In Hebrew, there are a few. When English-speakers say “uhhh…”, Hebrew-speakers and the like say “ehh…..” which is really very amusing. “כאילו/ke’ilu” meaning roughly “as if, like if” is very popular and goes where English-speakers would throw in “like”.

  11. Ben L. says:

    “Bums” happens to be part of a German expletive, snicker snicker.

  12. Podolsky says:

    When a Hebrew speaker finds difficulty to find a suitable word he uses the espression “ze, ma shmo” = this, what’s its name.

  13. jane says:

    Many Australian languages have such a word, which usually can be inflected for case, and can form part of derived verbs “do whatsname”

  14. Josh says:

    When speaking french I tend to use “truc” and “machin” a lot. Although “chose” means “thing”, these other words have more of a “whatchamacallit” nature to me. Like, when I don’t know the word for something (i.e. a hole puncher) I’ll call it a “perce-truc” (hole punchin’-thing) or “machin à percer” (thing that punches holes).

  15. Josh says:

    Or “machin qui perce”…etc.

  16. Joakim says:

    In norway we use words like dings, dingsboms (equal to the german “dingsbums”), duppeditt, greie.. But i guess “ting” (thing) is the most common one.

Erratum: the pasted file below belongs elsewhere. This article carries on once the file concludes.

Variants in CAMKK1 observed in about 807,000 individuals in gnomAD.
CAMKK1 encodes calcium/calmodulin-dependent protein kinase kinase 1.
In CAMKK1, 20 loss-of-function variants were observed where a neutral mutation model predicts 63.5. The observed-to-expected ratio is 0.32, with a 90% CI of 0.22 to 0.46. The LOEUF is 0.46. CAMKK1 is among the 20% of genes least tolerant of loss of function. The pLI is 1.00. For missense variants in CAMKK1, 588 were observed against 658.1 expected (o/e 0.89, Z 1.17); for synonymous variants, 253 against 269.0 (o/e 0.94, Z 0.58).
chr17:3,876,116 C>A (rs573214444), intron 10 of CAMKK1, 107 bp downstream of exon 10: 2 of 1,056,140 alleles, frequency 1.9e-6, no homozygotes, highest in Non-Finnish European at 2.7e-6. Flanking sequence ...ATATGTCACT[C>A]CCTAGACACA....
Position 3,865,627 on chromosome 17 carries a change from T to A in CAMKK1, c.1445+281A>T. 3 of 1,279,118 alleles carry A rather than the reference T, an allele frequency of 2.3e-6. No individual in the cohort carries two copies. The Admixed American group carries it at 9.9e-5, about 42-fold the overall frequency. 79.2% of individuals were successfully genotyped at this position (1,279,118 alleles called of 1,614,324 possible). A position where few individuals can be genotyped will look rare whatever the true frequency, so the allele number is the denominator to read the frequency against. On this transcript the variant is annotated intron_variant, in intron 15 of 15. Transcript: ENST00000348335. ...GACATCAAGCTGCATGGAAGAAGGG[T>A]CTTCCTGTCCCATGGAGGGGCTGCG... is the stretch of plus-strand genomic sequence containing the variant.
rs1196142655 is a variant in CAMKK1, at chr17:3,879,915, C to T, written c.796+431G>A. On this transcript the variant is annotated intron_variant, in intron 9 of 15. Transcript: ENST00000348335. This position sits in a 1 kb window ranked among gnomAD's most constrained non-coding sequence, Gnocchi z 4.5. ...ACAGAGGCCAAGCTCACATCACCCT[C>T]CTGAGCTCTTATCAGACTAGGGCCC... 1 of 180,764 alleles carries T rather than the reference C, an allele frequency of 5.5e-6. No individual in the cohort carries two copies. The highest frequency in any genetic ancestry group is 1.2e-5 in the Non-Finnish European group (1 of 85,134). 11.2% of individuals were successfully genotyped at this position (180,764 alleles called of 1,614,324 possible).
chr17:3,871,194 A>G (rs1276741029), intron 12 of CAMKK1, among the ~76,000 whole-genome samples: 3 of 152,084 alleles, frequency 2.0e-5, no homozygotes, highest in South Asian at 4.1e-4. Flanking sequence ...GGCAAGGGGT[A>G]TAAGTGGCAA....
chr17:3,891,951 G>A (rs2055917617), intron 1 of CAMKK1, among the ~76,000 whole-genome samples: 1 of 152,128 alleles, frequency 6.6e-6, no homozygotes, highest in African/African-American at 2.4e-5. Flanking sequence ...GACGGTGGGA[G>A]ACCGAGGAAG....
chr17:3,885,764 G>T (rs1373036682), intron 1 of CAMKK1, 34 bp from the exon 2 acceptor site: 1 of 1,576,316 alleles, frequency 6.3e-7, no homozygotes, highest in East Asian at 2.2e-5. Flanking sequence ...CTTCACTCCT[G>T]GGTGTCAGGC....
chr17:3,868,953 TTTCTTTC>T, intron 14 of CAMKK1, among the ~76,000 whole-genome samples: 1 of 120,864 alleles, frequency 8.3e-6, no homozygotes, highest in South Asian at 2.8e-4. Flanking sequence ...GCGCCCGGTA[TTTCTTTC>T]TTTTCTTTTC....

17. Josh says:

    “Duppeditt”– haha, my favourite thus far. Norwegian just looks “cute” to me for some reason.

  18. Someguy says:

    “juttu”, “semmoinen”, “asia” and “hauskuus” spring to mind from my use of Finnish.

  19. Samawel says:

    In colloquial Arabic, we’d say something like “شو اسمه” or “ما اسمه” literally “what’s his’s name”.

  20. One that I’ve seen in Spanish for a person whose name you don’t know is “Fulano,” which kind of functions like saying, “So-and-So”.

  21. Benjamin says:

    In German there is of course Dingsbums, as mentioned above, but there’re also the words Dings or Dingsda. Hm, are there words without “dings”… Yes. Teil or Zeug(s) (piece and ?stuff?). Any others? I think so, but I don’t remember any at the moment.

  22. [ An aside to Minstrel Ayreon ]
    Yes, we have “fulano” in Portuguese too. In fact, the three generic persons – the English language’s Tom, Dick and Harry, or John Doe & Co. – are called (in order) Fulano, Beltrano, Sicrano. 🙂

  23. Jared says:

    “Thingummy” seems to be a peculiarity of the British. I’ve never run across that word in an American publication unless it’s a) a quote from a Brit, or b) an originally British book published in the US.

  24. HeLei says:

    In Chinese, at least in our university, we often say “那个” (na ge) “然后” (ran hou) which mean “that” “then” separately. They are really meaningless, but quite popular now. I don’t know why. (I’m ashamed to say that I cannot communicate fluently without them!)

  25. parkbench says:

    Spanish uses “chisme” often: “algún chisme…”

  26. Joseph Quintanilla says:

    In spanish I’ve only heard este…In japanese i’ve heard my professor use eeto…… a lot. Any other fillers in japanese?